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Spiritual refreshment, and great views, on Aberdeen pilgrimage

BISHOP HUGH GILBERT offers great insight into the Aberdeen Diocesan Pilgrimage to Fatima, Salamanca and Avila

IN 2012, Lourdes had been the destination of the Aberdeen Diocesan pilgrimage. In 2013 it was the turn of Rome. This year some 30 doughty pilgrims made their way to the Iberian Peninsula. They came from both the Inverness and Aberdeen ends of the diocese, and were accompanied on the October 11-18 journey by Deacon John Wire, the Chancellor of the Diocese, by the Vicar General Fr Stuart Chalmers, and by myself, Bishop Hugh Gilbert.

Our first port of call was Fatima. There, of course, our Lady appeared in 1917 to the three children, Jacinta and Francisco Martos and Lucia dos Santos. Our visit coincided with the anniversary of the final apparition on October 13. The event was marked by a concelebrated Mass presided over by the Archbishop of Goa. Though the temperature dropped and rain fell in unusual torrents, soaking clothes and shoes and threatening candles, spirits largely remained un-dampened. The austere holiness of the place and the local helpfulness were sensed by all. The Portugese Dominican Sisters were good hosts.

On Tuesday a four-hour coach journey took us through the hills of Portugal, over the Spanish border to the wide expanses of Castille and León. Our destination was Salamanca.

Salamanca is more than a resonant name. It is a city of outstanding beauty, home to one of Europe’s oldest universities, to an impressive Plaza Mayor, to many fine churches, and since 1988 to the historic Royal Scots College. Our hotel was located just across the old Roman Bridge across the River Tormes, and so with a 15-minute walk we could be in the gracious pedestrianised heart of this stately city.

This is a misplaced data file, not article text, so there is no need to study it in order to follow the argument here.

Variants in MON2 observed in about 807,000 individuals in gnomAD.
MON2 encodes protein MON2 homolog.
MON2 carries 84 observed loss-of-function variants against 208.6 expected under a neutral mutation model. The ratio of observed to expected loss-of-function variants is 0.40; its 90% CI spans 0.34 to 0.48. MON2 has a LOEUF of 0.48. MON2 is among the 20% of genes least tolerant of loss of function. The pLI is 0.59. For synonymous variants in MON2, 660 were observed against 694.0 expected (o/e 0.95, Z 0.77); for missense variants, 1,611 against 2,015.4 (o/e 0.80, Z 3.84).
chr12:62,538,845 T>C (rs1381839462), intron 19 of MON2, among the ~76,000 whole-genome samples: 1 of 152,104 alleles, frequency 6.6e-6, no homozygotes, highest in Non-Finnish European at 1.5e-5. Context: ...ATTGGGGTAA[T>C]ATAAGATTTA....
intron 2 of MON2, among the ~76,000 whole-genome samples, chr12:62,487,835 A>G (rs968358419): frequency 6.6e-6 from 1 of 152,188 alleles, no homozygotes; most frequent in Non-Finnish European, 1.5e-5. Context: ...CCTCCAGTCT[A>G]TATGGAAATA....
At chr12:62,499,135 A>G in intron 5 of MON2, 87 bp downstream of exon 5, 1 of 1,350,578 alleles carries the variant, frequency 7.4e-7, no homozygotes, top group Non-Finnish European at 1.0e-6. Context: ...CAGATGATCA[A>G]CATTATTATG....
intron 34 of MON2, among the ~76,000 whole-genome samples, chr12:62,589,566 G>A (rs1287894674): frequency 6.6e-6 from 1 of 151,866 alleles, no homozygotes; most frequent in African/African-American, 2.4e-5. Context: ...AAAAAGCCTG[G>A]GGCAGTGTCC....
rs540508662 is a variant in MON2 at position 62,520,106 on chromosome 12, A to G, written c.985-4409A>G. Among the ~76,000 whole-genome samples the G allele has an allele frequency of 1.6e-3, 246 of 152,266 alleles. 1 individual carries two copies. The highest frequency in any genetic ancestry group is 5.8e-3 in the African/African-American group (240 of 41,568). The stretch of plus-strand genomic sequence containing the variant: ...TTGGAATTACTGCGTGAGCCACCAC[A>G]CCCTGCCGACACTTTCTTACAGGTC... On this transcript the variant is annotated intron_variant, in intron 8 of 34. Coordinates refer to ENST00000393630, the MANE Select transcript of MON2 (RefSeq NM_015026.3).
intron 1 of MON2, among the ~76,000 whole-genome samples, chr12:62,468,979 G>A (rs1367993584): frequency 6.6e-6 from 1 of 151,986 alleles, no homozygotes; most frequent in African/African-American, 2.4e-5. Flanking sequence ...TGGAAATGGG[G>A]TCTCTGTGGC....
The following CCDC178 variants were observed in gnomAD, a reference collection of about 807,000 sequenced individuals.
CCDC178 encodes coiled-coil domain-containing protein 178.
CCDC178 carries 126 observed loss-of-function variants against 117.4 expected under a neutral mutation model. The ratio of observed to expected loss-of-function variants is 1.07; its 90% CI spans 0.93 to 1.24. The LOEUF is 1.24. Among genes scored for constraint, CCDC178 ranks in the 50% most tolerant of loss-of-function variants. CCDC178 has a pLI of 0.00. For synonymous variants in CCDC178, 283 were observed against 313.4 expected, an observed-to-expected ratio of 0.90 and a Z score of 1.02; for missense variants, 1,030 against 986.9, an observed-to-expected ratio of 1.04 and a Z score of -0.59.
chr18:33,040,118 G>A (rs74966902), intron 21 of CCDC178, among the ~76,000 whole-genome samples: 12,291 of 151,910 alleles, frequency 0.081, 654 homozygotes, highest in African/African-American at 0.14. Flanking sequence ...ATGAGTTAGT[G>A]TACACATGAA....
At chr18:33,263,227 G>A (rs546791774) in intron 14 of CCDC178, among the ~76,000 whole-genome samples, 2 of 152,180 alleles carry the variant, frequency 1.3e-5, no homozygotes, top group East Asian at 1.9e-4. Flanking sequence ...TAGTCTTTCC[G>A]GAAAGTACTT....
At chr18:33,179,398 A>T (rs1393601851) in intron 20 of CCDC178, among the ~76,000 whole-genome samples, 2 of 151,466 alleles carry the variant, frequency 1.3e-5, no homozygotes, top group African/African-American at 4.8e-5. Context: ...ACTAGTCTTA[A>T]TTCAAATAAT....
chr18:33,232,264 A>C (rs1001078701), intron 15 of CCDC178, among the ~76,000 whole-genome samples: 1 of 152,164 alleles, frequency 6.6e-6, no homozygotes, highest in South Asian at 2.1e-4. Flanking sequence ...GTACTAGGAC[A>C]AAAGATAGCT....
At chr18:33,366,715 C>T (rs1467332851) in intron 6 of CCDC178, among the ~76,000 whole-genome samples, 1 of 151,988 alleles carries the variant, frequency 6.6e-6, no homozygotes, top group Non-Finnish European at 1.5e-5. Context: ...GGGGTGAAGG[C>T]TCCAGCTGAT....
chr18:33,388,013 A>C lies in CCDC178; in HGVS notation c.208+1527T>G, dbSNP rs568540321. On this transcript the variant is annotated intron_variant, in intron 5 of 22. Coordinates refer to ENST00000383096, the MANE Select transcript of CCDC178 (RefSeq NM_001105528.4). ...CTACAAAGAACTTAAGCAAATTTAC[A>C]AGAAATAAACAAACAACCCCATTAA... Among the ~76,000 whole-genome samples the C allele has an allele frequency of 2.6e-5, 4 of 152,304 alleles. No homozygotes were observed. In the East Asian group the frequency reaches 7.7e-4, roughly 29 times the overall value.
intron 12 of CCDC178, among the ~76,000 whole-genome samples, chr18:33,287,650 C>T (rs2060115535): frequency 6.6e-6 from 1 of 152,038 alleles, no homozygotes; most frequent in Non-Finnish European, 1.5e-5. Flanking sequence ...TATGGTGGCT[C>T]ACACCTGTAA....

St Teresa of Avila

As October 15 was the feast of St Teresa of Avila, and it was there we went first. Avila is only 108 kilometres from Salamanca, and a jewel in itself. There we were treated to a guided tour of the city, beginning outside its ancient walls and taking in many of the places associated with St Teresa, including her first foundation of reformed Carmel, St Joseph’s.

As we progressed round the city, crowds were gathering, occasional fireworks were released, and a great procession was beginning to form, complete with the military, musicians, clergy and religious and a flock of folk. St Teresa was born in Avila in 1515, 500 years ago next year. We were witnessing the opening of the Spanish Church’s commemorative Year of St Teresa. When we went on that same day to Alba de Tormes, the place of her death and yet another of her 17 foundations, we witnessed preparations for another such procession and open air Mass. It’s true to say that many of the pilgrims felt close to St Teresa in a new way and expressed a resolve to read her writings. She remains very much alive, and it is not hard to imagine her and her companions walking the narrow streets of the towns and travelling through the wide Spanish countryside.


The next day included a much-appreciated guided tour of Salamanca with a local guide and, as another high point, a visit to the Scots College.

The last act of the former rector, Fr Charles O’Farrell, was to give us a sketch of the College’s long history and a tour of its buildings. We also had the pleasure of meeting the new rector, Fr Thomas Kilbride. A Mass for vocations to the priesthood followed in the College chapel and an opportunity for confession.

On our last full day, the 17th, we were privileged to celebrate Mass in a side chapel of the great two-fold Cathedral, part 12th, part 16th century.

Indeed the heart of the whole pilgrimage was the daily Mass and the praying of Morning and Evening Prayer. Many of the pilgrims expressed their appreciation of this, and spoke of the ‘spiritual refreshment’ they gained. The common meals were times to renew old acquaintances or make new ones.

Fr Stuart’s informal evening tours of the city were enjoyed by all who shared them. There were precious moments of prayer in the churches we visited. Everything seemed to fall into place and, despite weather that could be distinctly northern first thing and very continental when the sun came out, all ran smoothly.

We were always adequately fed and comfortably housed. Pax Travel and a lot of hard backroom work by Deacon John Wire helped deliver the goods, as it were. Above all, our sense of the Church, past and present, was deepened, and the Lord felt to be in our midst.

It was a contented, grateful group that flew home from Madrid to a windy Scottish autumn.

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